Remember, just my opinion, but I think a good one for society. This is something that might save lives (and reduce our insurance rates).
Homes today also have two and three vehicles in their lanes. Maybe the amount of vehicles on the road might also have a reduction if children have to wait longer to get their license. It is predicted there will be twenty million more vehicles on the roads in North America by the 2020’s. Our population is aging, living longer, maintaining health longer, and still competently driving at older ages. The baby boomer generation have reached the age to drive and so now are their children.
This is all adding up to more drivers, but does every sixteen year old NEED their own car? And with fewer vehicles on the roads rather than more, maybe we'd also have less pollution. And using the law of supply and demand, fewer vehicles would need less fuel. What could happen to the price of fuel.
The bottom line of all this is this. We don’t really need kids going out and killing themselves, using up our natural resources, and helping to keep insurance rates too high. It may be time for a complete restructuring. Too much mobility is a main reason for family break-ups as well. I have a one vehicle per family policy and everyone has to work TOGETHER to get things done and make things work out.
I have this question running in my head. The question is this. Why, and who decided, sixteen was a good age to issue a drivers license? This is my theory. It’s what conclusion I have come to. It also justifies my thinking a person should not get a license before their twentieth birthday.
In days gone by, before there were automobiles, everyone used a horse with, or without, a buggy. Our grandparents and great-grandparents lived, worked, and were likely raised on a farm. The people of these generations also had ‘chores’ and worked as part of their existence. Then machinery in general started to become available. As this new machinery started to be used, the responsibly, the dangers, and the benefits were learned as part of growing up. It wasn’t long before a child knew how dangerous a piece of equipment could be. They would quickly learn to respect what could happen.
As years moved on and machinery and equipment advanced, so did the families that had benefit of this modernization. It wasn’t long before the tractor was a farm mainstay, and every child knew how to drive one at an early age. By the time most kids were eleven or twelve, they were already driving the tractor around, and quite possible using other equipment as well. They would learn the function, the dangers, and to respect, the using of this equipment. By the time a child reached the age of sixteen, they had already learned the responsibility of, and had been driving, a piece of farm equipment for five or more years. They had a lot of experience under their belt right at home. Moving that experience onto the roadways seemed like a logical choice.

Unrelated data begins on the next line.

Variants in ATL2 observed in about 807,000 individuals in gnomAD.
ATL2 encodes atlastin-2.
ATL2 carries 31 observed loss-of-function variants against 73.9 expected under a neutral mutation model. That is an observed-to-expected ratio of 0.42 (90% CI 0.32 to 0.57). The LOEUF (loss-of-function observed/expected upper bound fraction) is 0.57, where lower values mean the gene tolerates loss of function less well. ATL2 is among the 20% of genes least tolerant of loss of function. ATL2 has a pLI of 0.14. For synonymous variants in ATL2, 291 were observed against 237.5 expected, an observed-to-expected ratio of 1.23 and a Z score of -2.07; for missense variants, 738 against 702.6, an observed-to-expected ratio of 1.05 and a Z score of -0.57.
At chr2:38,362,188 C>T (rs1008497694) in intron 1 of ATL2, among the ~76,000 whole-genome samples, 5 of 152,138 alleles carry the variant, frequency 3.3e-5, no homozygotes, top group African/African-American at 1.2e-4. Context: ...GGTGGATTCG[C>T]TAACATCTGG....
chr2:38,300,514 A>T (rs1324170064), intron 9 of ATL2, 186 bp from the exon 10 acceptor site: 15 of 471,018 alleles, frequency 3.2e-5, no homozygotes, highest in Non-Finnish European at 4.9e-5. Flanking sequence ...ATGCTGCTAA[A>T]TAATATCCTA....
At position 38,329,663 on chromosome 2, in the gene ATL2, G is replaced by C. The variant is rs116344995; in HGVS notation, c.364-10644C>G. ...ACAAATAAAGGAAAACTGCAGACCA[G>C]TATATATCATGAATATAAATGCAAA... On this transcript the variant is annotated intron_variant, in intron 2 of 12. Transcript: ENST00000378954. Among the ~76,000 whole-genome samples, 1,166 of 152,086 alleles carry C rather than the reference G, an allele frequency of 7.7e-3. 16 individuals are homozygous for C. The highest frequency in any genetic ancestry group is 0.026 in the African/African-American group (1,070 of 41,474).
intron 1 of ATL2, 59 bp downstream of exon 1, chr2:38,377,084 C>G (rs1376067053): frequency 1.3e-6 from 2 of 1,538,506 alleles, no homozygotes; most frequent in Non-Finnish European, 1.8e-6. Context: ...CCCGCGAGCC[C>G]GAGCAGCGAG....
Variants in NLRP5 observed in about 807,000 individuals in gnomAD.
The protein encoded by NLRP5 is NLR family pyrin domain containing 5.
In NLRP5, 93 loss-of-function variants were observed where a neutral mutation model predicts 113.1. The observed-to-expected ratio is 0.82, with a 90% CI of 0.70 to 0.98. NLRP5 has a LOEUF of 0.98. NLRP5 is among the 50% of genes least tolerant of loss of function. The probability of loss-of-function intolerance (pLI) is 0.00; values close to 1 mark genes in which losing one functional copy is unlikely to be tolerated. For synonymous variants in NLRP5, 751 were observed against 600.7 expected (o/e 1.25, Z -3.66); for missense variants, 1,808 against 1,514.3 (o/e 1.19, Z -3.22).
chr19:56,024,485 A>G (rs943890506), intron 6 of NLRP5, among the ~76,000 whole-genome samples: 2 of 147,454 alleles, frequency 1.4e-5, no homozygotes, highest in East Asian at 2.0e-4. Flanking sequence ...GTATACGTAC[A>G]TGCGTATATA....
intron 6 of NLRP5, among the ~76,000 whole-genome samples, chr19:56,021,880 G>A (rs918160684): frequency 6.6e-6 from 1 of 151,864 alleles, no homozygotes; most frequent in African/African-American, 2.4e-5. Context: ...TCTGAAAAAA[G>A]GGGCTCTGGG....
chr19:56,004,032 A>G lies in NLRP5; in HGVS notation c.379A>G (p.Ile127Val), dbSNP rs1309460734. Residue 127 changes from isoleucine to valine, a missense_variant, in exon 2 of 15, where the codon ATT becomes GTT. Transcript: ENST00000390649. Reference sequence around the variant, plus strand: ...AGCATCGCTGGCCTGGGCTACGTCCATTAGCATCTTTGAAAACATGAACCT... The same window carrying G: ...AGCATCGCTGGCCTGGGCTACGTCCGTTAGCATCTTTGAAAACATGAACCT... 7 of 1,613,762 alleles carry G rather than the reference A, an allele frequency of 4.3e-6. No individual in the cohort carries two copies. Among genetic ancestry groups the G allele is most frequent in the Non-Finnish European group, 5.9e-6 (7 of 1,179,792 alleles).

The teenager of today has not always been taught, instructed, or understand, respect. Unfortunately, this applies to more than just an automobile. As my mom would say, “Anyone can aim an automobile, but can they drive it? Or does it drive them?” My mom is pushing eighty, and is still an excellent driver. She would not allow any of her children to take a drivers exam until we could drive a ‘standard,’ without power steering or brakes, and knew what the vehicle was telling us just by the sound. I know today trying to find a vehicle without an automatic transmission or without power steering or brakes is a daunting task, but that is not the point. Today we give a child a killing machine at a young age, and they haven’t had five or six years experience, haven’t been taught the whys or the sounds of an automobile, or understand the respect this killing machine needs to be given. Today’s automobiles also have a lot more power, and much quicker. Just watch at a change of a light to green. Most people are gone in a flash (which is also a fuel waster), and seem to care only about themselves on the road. Courtesy and respect are gone.
Another topic for later is this. What do our governments do to help make our roadways safer? They pass more laws. How stupid. The roads are no more safe by making a new law than they were before. If you give a license to an idiot, they are still an idiot.
Do I really think everyone on the road is an idiot? Absolutely not. I’m just very aware how easy it is to get a license in Ontario (and I’m sure other places as well), and you don’t even have to speak a local language to take, or pass, your exam. Safety is not in the interest of the government. The propaganda about safety is, but not safety. More drivers equal more fuel, more insurance, more car sales, more maintenance, and ultimately, more taxes. It is all about government cash flow, money they will waste anyway, but that’s a topic for another place and time.
Just my opinion and I'm sticking to it.
Now after all that, do you always have your mind on your driving? It is best to, but what about those rare occasions that might catch you off guard? Maybe this might help.